The German “Turner” system of physical education became the prominent system in the Unites States during the early 1800s. It started with three followers of the “Turnvater” F. L. Jahn, namely Carl “Charles” Beck and Carl “Charles” Follen, who reached the U.S. in 1824, and Francis Lieber who arrived in 1827.
Beck – who taught at Harvard from 1832 to 1850 – had Jahn’s book, “Deutsche Turnkunst” (The German Art of Physical Education) translated into English. In 1831, Follen began to teach German at Harvard University and privately taught Jahn’s system of physical training on the lawns of campus which became so popular that the first college gymnasium in the United States was opened, with other colleges following suite soon after.
For example, Yale University purchased German style gymnastics apparatus in 1826 and in the same year Follen was also responsible for opening the first public gymnasium in Boston. In Amherst, Massachusetts, a Turnplatz based on Jahn’s model opened in 1828 (Shimon 2011; Grossfeld 2010; Metzner 1989).
Also in Amherst, some decades later in 1885 the Pratt Gymnasium was completed. At that time only the gyms of Yale and Harvard were superior in size and cost. The gymnasium building was of brick with brownstone trimmings, 122 feet long and 88 wide, with the main hall 80 feet long and 64 wide. The building was endowed by alumnus Charles M. Pratt of New York, a graduate of the class of 1879 (Cf. Hitchcock 1891: 77.).
These gymnasiums were the American answer to the German “Turnhalle”.
Below is typical German style physical education performed at Pratt Gymnasium in Amherst. I call it Pinan Shodan no Barbell-Tekkō. 😀
BTW, I recently came across an excellent writing by an academic Japanese Budo exponent. In his reasoning he compared the development of modern Budo during the Meiji period to the development of modern sports around the world, mainly pointing to the modern sports idea which developed largely from British sports in the latter half of the 19th century, basketball in the USA in the 1890s; the first Olympic Games in 1896, the German physical education in the 1880’s…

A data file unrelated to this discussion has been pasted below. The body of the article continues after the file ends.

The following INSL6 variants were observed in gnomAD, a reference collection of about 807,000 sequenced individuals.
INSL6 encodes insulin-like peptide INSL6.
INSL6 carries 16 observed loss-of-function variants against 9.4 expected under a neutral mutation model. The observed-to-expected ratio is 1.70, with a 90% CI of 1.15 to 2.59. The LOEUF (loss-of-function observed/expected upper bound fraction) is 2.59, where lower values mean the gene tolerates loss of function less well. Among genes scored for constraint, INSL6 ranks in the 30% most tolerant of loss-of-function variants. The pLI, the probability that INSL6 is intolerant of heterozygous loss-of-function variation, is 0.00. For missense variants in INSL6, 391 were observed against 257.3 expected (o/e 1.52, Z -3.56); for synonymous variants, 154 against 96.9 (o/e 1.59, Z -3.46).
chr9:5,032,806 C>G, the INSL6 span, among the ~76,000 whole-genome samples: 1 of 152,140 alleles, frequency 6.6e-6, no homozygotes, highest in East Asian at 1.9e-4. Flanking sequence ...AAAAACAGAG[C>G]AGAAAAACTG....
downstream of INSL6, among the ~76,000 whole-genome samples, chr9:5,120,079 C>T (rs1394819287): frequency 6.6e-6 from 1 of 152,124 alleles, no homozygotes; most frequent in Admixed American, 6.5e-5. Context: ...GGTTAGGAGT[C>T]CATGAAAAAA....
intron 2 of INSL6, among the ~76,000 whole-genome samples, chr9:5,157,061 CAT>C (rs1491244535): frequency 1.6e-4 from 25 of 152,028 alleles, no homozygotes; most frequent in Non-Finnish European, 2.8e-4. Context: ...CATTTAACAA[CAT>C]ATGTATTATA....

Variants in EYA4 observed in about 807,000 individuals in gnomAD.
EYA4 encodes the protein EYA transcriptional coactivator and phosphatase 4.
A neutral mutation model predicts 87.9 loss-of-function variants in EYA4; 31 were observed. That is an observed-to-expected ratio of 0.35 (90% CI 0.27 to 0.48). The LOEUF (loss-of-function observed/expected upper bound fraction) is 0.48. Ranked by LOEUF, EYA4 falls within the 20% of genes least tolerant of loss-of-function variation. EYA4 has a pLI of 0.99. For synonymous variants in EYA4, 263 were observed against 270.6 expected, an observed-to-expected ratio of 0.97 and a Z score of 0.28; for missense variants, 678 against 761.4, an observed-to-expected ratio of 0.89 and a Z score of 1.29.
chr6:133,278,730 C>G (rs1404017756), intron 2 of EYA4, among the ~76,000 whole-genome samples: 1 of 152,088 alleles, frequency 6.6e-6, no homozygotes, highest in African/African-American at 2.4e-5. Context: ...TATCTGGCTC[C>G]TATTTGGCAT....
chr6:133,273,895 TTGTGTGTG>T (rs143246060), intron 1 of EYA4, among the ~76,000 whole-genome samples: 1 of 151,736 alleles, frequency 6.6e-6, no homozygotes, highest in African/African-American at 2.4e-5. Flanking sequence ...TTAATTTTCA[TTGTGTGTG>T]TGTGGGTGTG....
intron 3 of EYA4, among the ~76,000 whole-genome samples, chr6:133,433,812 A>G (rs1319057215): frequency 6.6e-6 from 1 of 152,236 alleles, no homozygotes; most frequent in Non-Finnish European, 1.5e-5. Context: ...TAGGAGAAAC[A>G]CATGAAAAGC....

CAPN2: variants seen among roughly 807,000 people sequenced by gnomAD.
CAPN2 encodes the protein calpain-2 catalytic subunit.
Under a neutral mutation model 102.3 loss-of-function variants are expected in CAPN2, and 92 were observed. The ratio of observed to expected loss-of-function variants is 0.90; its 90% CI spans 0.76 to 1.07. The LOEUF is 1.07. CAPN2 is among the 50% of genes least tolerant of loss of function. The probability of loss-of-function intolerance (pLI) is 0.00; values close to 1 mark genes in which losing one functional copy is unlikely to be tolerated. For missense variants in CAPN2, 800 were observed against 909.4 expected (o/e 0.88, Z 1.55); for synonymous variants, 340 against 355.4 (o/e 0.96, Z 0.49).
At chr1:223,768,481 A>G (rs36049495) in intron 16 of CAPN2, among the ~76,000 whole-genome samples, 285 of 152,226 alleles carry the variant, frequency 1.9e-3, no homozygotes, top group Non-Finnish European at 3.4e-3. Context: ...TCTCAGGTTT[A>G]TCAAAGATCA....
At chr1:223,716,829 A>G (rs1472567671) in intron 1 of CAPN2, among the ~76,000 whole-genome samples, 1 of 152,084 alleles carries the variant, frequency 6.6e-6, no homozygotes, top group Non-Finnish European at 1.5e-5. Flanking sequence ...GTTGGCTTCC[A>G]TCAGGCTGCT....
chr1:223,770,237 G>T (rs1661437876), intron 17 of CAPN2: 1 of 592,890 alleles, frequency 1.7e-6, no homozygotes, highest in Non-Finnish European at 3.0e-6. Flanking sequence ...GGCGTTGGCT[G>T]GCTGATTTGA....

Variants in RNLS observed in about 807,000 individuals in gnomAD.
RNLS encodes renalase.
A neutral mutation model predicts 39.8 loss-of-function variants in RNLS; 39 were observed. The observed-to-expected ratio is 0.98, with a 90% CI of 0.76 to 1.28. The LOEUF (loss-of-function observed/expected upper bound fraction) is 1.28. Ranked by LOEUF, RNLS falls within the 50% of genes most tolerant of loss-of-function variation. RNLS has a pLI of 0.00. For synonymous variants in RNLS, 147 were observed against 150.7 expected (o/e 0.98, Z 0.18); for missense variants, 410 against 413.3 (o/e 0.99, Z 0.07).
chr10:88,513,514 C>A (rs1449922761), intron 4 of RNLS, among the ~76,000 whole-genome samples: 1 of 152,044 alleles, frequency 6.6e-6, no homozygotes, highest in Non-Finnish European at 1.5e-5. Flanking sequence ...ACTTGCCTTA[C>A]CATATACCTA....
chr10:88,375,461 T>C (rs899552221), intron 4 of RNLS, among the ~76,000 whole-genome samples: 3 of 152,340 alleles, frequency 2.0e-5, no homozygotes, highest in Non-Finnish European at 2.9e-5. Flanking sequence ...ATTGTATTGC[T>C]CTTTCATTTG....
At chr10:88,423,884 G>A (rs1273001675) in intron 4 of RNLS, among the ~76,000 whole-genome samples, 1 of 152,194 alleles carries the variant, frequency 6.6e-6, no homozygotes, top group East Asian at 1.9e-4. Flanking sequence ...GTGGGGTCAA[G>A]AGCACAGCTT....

Nice try. In order to understand the development of modern physical training and sports, we need to look at the Renaissance, the Age of Enlightenment, and the very idea of humanity – with Rosseau’s educative idea of Émile (ou De l’éducation!!!) at its core, backed up by Hegel, Kant and who not. All these and more were at the core of “Turnen” when it was originally developed as a part of youth education in the late 1700s. This is the idea that would become the “Turnhalle” (gymnasium) was originally based upon in the reasoning of the so called Philanthropists, namely Basedow, Pestalozzi, Vieth, and Gutsmuths.
BTW, Charles M. Pratt, who endowed the above-mentioned Pratt Gymnasium, was also a philanthropist.
Of course, Jahn was not a philanthropist. But his physical education was innovative in the sense that it allowed for military training. Therefore, it was no wonder that modern US Army Physical Training began in 1885 with Colonel Herman Koehler, Master of the Sword at West Point and a “Turner” since young.
And such drills were adapted in Japan under the name of “gymnastics” (taisō), and especially as military drill (heishiki taisō) for both military and schools around the same time. It is also true that modern karate in Okinawa was a development that followed from these heishiki taisō and replaced them in the Okinawan school system. It is that easy. As a collateral effect of history, instead of education and humanity, Emile (the Rosseau dude) – and his Okinawan counterpart – was given a bayonet rifle now.
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